PLAIN CITY -- Candidates in the upcoming municipal elections, set for Nov. 5, share a common thread of a love for the rural feel and traditions of this community, though they would continue to plan for growth.
Running for mayor are council members Bruce Higley and LaFray Kelley, while vying for two city council seats are Kristopher Carrigan, Natalie Hale, Michael McKean and the current mayor, Jay Jenkins.
Higley said the city's challenge is its growth and how to manage it. He said he moved to Plain City 22 years ago and knows the city has good employees, good equipment and good services.
If he becomes mayor, he said, he wants to keep the city financially sound with no debt.
"The city is experiencing growing pains, but I would like to keep up with the demands of growth while keeping the rural atmosphere," Higley said. "It should be a nice, quiet place where you can still ride your horse down the road."
Kelley said, if she were elected mayor, she would try to build a stronger sense of community. Her vision for the future of Plain City includes elected officials and staff working together to provide excellent services for residents at a reasonable price.
"As we continue to grow, this will be a challenge, but I know if we keep a tight watch on the budget, we can do it."
During her six years on the council, Kelley said, she acquired more than $500,000 in grants and donations that contributed to Pioneer Park, the Town Square bowery, the Lee Olson Ball Park diamonds and arena improvements.
The grants have also contributed to concerts and arts festivals. Kelley has also planned Founders Day and helped to bring the circus to Plain City.
Kelley said she also organized the town cleanup day, writes the city newsletter and created advisory committees for both the parks and the arts.
Carrigan said he would like to see more economic growth. Currently, he said, the only growth is in the housing area, and the city has only one gas station.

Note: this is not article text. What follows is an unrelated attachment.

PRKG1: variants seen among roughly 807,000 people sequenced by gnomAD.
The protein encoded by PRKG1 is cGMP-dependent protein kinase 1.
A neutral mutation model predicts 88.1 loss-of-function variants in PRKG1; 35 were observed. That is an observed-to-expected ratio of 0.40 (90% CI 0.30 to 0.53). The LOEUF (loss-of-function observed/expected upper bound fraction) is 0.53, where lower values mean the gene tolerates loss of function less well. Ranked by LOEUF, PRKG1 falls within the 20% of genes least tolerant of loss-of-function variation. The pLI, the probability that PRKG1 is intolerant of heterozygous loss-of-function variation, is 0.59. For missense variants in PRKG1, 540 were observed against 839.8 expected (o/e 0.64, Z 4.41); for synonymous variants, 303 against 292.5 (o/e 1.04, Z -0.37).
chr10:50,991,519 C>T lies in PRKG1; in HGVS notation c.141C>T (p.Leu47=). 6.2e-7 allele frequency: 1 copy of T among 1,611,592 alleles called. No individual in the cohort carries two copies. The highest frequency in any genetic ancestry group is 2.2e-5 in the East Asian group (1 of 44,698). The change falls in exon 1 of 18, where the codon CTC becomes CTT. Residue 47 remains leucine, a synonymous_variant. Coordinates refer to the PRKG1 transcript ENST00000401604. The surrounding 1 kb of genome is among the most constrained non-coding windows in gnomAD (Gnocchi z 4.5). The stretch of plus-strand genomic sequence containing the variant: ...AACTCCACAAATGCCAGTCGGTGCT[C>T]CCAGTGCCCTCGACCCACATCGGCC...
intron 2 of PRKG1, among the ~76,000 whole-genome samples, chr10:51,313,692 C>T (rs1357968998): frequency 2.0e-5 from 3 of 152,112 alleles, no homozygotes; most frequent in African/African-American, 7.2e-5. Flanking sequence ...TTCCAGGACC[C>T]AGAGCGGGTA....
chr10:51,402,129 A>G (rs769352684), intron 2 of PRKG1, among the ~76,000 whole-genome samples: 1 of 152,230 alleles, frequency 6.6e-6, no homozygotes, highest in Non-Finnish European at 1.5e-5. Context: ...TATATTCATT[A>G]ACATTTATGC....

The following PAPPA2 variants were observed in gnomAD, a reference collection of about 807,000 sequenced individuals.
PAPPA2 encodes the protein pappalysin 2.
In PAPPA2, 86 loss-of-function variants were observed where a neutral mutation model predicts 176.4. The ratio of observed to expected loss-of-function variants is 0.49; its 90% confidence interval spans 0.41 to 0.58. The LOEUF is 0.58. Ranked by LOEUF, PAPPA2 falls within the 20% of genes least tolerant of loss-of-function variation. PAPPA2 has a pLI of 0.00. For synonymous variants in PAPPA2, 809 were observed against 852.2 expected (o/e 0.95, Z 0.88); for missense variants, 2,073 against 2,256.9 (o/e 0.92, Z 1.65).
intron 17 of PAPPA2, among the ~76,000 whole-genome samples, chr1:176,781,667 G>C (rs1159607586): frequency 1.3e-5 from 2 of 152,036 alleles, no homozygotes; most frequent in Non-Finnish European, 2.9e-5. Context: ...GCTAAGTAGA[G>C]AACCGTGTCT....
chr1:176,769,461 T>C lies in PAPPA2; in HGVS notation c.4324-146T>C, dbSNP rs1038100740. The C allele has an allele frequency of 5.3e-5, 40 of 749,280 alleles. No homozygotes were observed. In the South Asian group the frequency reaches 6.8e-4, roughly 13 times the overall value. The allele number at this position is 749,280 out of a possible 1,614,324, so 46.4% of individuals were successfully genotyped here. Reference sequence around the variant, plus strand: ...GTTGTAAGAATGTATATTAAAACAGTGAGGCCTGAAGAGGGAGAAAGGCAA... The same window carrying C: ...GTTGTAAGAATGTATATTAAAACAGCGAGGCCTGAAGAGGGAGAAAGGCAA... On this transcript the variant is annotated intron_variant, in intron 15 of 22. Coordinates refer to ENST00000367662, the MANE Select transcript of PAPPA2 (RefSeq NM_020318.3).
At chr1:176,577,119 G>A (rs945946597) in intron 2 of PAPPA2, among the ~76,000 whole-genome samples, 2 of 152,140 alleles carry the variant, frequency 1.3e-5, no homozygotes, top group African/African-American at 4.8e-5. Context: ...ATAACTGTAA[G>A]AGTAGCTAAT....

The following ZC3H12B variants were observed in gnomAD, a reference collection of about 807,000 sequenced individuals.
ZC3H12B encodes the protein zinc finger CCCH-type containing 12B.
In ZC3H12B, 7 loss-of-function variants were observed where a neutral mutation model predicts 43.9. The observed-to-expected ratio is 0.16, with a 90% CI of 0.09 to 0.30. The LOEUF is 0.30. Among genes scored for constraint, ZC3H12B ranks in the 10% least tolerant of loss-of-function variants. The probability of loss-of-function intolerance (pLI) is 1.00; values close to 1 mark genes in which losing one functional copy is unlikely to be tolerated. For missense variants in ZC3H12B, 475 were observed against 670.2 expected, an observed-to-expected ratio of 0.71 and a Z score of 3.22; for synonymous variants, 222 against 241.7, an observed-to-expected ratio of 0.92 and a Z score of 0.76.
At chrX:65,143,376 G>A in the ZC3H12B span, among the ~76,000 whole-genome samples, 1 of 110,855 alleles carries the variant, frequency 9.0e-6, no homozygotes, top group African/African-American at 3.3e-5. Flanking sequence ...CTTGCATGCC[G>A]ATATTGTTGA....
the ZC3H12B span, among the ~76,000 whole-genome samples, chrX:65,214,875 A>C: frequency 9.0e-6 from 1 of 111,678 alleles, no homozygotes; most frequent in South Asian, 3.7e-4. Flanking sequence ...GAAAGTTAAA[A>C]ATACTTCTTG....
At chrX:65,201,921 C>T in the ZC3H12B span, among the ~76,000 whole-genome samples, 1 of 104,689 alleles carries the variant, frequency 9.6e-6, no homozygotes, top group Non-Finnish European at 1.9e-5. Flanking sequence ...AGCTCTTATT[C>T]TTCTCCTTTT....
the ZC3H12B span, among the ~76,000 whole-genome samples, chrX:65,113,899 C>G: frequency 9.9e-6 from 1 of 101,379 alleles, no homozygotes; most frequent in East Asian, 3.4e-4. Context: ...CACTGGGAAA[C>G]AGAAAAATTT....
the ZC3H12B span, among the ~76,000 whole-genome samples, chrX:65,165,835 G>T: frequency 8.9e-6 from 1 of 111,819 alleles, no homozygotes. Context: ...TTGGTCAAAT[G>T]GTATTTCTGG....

He said he gets constant feedback about what people want from their communities. Of the council meetings, he said, "I've been there quite a few times, and they need new opinions."
Carrigan, who did not provide a photo to the Standard-Examiner for this article, said the definition of insanity is to try the same thing over and over, each time expecting a different result -- and that is what has been happening in Plain City.
Hale said she would like to keep Plain City as it is, a small town. She said the city should remain rural and maintain its traditions while allowing for some guided growth.
She plans to work with committees to review city ordinances and take any concerns to the city council. She also said positive plans need to be made for the old, run-down Plain City elementary school.
McKean said his vision for the city's future would involve continued growth in recreation and wellness for residents. He has helped coach sports and rodeo for the past six years.
He said he would like to be part of shaping future policy and assist in decision-making while helping plan controlled growth. He said the way the city budgets and handles finances is crucial, and as the senior vice president of a global bank, he is well qualified to assist in this area.
"I feel the role of a councilman is to listen to needs of the residents and address those needs," McKean said.
Jenkins said he would like to see continued prosperity in Plain City, but wants to hold tax rates down and limit government.
If he earns a council seat, he said, he would like to work with the new mayor on the city sewer project, which is only 75 percent complete.
"It is a major project, and I want to see it completed."